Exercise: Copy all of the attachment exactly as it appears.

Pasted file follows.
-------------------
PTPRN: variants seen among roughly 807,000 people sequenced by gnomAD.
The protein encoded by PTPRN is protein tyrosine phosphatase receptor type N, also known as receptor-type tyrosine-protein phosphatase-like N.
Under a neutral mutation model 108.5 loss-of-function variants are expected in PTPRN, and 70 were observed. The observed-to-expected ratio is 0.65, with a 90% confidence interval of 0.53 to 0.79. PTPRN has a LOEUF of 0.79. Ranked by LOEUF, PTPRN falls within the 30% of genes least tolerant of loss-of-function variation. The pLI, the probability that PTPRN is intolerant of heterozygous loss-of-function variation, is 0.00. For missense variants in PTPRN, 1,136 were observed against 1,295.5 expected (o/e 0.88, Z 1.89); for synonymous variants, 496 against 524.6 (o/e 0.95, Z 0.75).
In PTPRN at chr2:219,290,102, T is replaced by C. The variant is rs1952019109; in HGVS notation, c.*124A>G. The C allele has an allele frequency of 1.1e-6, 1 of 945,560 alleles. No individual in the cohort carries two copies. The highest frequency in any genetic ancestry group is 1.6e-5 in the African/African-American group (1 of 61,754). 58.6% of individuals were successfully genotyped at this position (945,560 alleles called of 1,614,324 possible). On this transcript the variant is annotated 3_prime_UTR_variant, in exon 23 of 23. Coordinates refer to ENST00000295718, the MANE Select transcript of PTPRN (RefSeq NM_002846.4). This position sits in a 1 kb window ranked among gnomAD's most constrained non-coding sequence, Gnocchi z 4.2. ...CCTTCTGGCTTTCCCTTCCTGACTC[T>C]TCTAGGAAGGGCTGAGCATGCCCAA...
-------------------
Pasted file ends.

PTPRN: variants seen among roughly 807,000 people sequenced by gnomAD.
The protein encoded by PTPRN is protein tyrosine phosphatase receptor type N, also known as receptor-type tyrosine-protein phosphatase-like N.
Under a neutral mutation model 108.5 loss-of-function variants are expected in PTPRN, and 70 were observed. The observed-to-expected ratio is 0.65, with a 90% confidence interval of 0.53 to 0.79. PTPRN has a LOEUF of 0.79. Ranked by LOEUF, PTPRN falls within the 30% of genes least tolerant of loss-of-function variation. The pLI, the probability that PTPRN is intolerant of heterozygous loss-of-function variation, is 0.00. For missense variants in PTPRN, 1,136 were observed against 1,295.5 expected (o/e 0.88, Z 1.89); for synonymous variants, 496 against 524.6 (o/e 0.95, Z 0.75).
In PTPRN at chr2:219,290,102, T is replaced by C. The variant is rs1952019109; in HGVS notation, c.*124A>G. The C allele has an allele frequency of 1.1e-6, 1 of 945,560 alleles. No individual in the cohort carries two copies. The highest frequency in any genetic ancestry group is 1.6e-5 in the African/African-American group (1 of 61,754). 58.6% of individuals were successfully genotyped at this position (945,560 alleles called of 1,614,324 possible). On this transcript the variant is annotated 3_prime_UTR_variant, in exon 23 of 23. Coordinates refer to ENST00000295718, the MANE Select transcript of PTPRN (RefSeq NM_002846.4). This position sits in a 1 kb window ranked among gnomAD's most constrained non-coding sequence, Gnocchi z 4.2. ...CCTTCTGGCTTTCCCTTCCTGACTC[T>C]TCTAGGAAGGGCTGAGCATGCCCAA...